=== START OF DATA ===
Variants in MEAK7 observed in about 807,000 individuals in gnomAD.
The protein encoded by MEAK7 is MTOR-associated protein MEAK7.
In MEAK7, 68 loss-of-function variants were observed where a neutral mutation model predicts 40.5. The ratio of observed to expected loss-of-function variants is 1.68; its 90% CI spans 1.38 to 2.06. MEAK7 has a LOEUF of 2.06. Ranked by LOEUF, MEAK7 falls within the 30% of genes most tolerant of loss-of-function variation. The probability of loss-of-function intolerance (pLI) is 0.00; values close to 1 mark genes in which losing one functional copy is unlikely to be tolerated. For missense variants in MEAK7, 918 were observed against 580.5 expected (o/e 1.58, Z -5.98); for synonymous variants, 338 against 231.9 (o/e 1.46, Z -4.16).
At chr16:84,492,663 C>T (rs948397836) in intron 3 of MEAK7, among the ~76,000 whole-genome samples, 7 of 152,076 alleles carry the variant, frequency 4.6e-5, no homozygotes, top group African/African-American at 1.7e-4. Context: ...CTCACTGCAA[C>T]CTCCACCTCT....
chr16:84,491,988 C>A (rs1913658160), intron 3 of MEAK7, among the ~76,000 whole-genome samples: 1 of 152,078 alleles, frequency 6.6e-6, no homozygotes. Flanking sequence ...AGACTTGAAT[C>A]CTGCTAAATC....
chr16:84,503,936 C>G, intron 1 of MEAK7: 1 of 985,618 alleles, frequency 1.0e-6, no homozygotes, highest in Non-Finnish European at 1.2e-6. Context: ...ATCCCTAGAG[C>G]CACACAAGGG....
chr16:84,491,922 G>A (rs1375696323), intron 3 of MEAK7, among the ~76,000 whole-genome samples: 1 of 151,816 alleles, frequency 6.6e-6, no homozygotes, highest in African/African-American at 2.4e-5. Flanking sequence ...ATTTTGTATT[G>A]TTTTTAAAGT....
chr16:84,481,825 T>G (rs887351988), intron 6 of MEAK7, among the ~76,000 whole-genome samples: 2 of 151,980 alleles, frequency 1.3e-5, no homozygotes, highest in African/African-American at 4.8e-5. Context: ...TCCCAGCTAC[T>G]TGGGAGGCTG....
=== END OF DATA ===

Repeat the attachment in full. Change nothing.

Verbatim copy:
Variants in MEAK7 observed in about 807,000 individuals in gnomAD.
The protein encoded by MEAK7 is MTOR-associated protein MEAK7.
In MEAK7, 68 loss-of-function variants were observed where a neutral mutation model predicts 40.5. The ratio of observed to expected loss-of-function variants is 1.68; its 90% CI spans 1.38 to 2.06. MEAK7 has a LOEUF of 2.06. Ranked by LOEUF, MEAK7 falls within the 30% of genes most tolerant of loss-of-function variation. The probability of loss-of-function intolerance (pLI) is 0.00; values close to 1 mark genes in which losing one functional copy is unlikely to be tolerated. For missense variants in MEAK7, 918 were observed against 580.5 expected (o/e 1.58, Z -5.98); for synonymous variants, 338 against 231.9 (o/e 1.46, Z -4.16).
At chr16:84,492,663 C>T (rs948397836) in intron 3 of MEAK7, among the ~76,000 whole-genome samples, 7 of 152,076 alleles carry the variant, frequency 4.6e-5, no homozygotes, top group African/African-American at 1.7e-4. Context: ...CTCACTGCAA[C>T]CTCCACCTCT....
chr16:84,491,988 C>A (rs1913658160), intron 3 of MEAK7, among the ~76,000 whole-genome samples: 1 of 152,078 alleles, frequency 6.6e-6, no homozygotes. Flanking sequence ...AGACTTGAAT[C>A]CTGCTAAATC....
chr16:84,503,936 C>G, intron 1 of MEAK7: 1 of 985,618 alleles, frequency 1.0e-6, no homozygotes, highest in Non-Finnish European at 1.2e-6. Context: ...ATCCCTAGAG[C>G]CACACAAGGG....
chr16:84,491,922 G>A (rs1375696323), intron 3 of MEAK7, among the ~76,000 whole-genome samples: 1 of 151,816 alleles, frequency 6.6e-6, no homozygotes, highest in African/African-American at 2.4e-5. Flanking sequence ...ATTTTGTATT[G>A]TTTTTAAAGT....
chr16:84,481,825 T>G (rs887351988), intron 6 of MEAK7, among the ~76,000 whole-genome samples: 2 of 151,980 alleles, frequency 1.3e-5, no homozygotes, highest in African/African-American at 4.8e-5. Context: ...TCCCAGCTAC[T>G]TGGGAGGCTG....